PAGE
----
Team Lifespan: January 2022 - December 2023
The team products are currently available for external review through June 9, 2023.
If you are willing to review the document, please email ITRC's Project Associate Devin Seckar at firstname.lastname@example.org
to get access to the materials.
The Managed Aquifer Recharge (MAR) Team will produce a Technical Guidance Document and Training that will evaluate the potential uses of MAR, the factors for the safe and successful implementation and innovative characterization, and modeling tools to appropriately place MAR infrastructure. The MAR team will also establish reference sites where technologies and tools for monitoring managed aquifer recharge systems, groundwater quality, characterizing sub-surface geology and modeling/visualization software could be assessed for Project Management teams and Stakeholders. Applying appropriately scaled model tools for cost-effectiveness and site complexity could provide the decision-maker with the right tool for the job with confidence in achieving desired project outcomes.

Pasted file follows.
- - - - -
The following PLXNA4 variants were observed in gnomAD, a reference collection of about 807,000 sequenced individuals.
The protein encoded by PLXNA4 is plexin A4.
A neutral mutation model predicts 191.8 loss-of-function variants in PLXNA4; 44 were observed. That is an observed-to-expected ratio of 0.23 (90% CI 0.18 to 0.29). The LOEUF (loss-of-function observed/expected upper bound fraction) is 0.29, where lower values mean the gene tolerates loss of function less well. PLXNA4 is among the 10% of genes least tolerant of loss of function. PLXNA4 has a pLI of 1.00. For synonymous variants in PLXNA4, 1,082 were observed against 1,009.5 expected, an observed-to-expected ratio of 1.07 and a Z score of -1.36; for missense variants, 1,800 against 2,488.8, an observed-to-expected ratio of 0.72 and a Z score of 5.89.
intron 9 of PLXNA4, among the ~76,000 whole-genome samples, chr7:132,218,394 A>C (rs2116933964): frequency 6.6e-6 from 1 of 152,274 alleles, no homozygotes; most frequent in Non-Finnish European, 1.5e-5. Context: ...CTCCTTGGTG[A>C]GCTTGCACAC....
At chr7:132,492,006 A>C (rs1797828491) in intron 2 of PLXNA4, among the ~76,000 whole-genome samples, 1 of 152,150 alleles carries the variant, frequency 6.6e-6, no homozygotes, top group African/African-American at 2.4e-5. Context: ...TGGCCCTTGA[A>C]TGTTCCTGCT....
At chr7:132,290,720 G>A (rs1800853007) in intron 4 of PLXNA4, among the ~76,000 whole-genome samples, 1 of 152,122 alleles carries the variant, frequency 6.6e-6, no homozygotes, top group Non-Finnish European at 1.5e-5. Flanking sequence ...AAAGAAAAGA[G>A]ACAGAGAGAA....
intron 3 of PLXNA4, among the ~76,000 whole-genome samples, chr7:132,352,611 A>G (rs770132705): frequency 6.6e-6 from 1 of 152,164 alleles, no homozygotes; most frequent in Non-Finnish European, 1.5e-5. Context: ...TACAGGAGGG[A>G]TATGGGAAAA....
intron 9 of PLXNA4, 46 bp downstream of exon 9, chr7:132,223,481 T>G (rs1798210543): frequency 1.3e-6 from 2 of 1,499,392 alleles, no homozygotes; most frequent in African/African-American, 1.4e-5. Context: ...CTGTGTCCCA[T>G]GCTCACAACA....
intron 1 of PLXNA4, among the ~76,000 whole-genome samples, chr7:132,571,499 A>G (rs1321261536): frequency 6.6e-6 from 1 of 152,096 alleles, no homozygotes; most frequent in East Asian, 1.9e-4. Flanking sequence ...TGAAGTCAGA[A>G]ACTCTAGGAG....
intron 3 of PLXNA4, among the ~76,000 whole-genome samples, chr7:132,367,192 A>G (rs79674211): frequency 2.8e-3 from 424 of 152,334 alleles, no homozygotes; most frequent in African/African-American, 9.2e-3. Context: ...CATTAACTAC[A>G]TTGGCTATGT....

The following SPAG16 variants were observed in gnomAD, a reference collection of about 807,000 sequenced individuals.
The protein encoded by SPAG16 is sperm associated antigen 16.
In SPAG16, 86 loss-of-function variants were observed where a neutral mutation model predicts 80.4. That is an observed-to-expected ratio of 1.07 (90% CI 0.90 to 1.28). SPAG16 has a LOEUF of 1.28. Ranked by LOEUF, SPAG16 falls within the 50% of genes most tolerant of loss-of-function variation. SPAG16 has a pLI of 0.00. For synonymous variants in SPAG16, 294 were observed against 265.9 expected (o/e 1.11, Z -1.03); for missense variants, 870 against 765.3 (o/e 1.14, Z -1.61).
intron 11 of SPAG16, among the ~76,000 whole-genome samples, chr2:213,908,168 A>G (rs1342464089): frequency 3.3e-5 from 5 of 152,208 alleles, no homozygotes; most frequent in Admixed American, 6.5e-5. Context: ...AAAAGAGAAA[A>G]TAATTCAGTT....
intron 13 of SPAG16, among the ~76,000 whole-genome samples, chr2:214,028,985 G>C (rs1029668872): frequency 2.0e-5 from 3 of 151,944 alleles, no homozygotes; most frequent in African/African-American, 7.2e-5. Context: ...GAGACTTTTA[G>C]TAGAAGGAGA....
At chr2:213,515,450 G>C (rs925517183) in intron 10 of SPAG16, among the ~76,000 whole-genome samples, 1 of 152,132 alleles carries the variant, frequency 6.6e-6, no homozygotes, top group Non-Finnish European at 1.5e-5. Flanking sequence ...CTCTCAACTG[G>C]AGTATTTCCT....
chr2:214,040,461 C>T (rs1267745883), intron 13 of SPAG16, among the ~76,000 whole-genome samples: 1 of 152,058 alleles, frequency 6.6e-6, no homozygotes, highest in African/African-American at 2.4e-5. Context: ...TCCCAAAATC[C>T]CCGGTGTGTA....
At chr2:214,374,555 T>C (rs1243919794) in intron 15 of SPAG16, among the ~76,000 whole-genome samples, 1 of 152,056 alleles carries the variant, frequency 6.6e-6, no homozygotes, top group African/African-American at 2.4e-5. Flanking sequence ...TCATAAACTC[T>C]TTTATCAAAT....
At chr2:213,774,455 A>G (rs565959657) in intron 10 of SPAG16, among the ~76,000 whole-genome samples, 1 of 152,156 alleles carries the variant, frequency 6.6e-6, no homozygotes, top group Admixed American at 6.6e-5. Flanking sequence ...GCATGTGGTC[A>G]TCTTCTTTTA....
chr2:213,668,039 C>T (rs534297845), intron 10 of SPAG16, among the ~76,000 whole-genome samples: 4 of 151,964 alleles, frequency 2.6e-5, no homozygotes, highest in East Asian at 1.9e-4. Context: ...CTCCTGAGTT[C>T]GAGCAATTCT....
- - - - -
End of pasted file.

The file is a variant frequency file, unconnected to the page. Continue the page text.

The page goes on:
In the United States, groundwater is a major resource, with 41% of the population relying on it for drinking water, which supplies freshwater for irrigation, domestic use, public use, industrial, and mining (NGWA, 2020). Groundwater accumulates overtime from rain or other precipitation, and so the availability of groundwater depends on the amount of precipitation an area receives, which can fluctuate depending on the time of the year. Groundwater depletion occurs when the natural replenishment process is too slow for the demands of a groundwater aquifer. Managed Aquifer Recharge (MAR) is a man-made process of groundwater replenishment that involves injecting water into aquifer recharge wells. Augmenting groundwater storage through managed recharge into aquifers represents a cost-effective way to increase the availability of source water, act as a barrier to saltwater intrusion, or serve as a method to stabilize the water table in stressed systems. MAR is a growing practice in response to water scarcity concerns and remedial driven withdrawals. Advanced modeling tools are infrequently utilized at the regulatory level due to the barriers of education, experience, cost, and time. There is a need to examine and standardize innovative recharge infrastructure that could be applied for aquifer recharge and to define the appropriate geological settings and tools for characterization and design.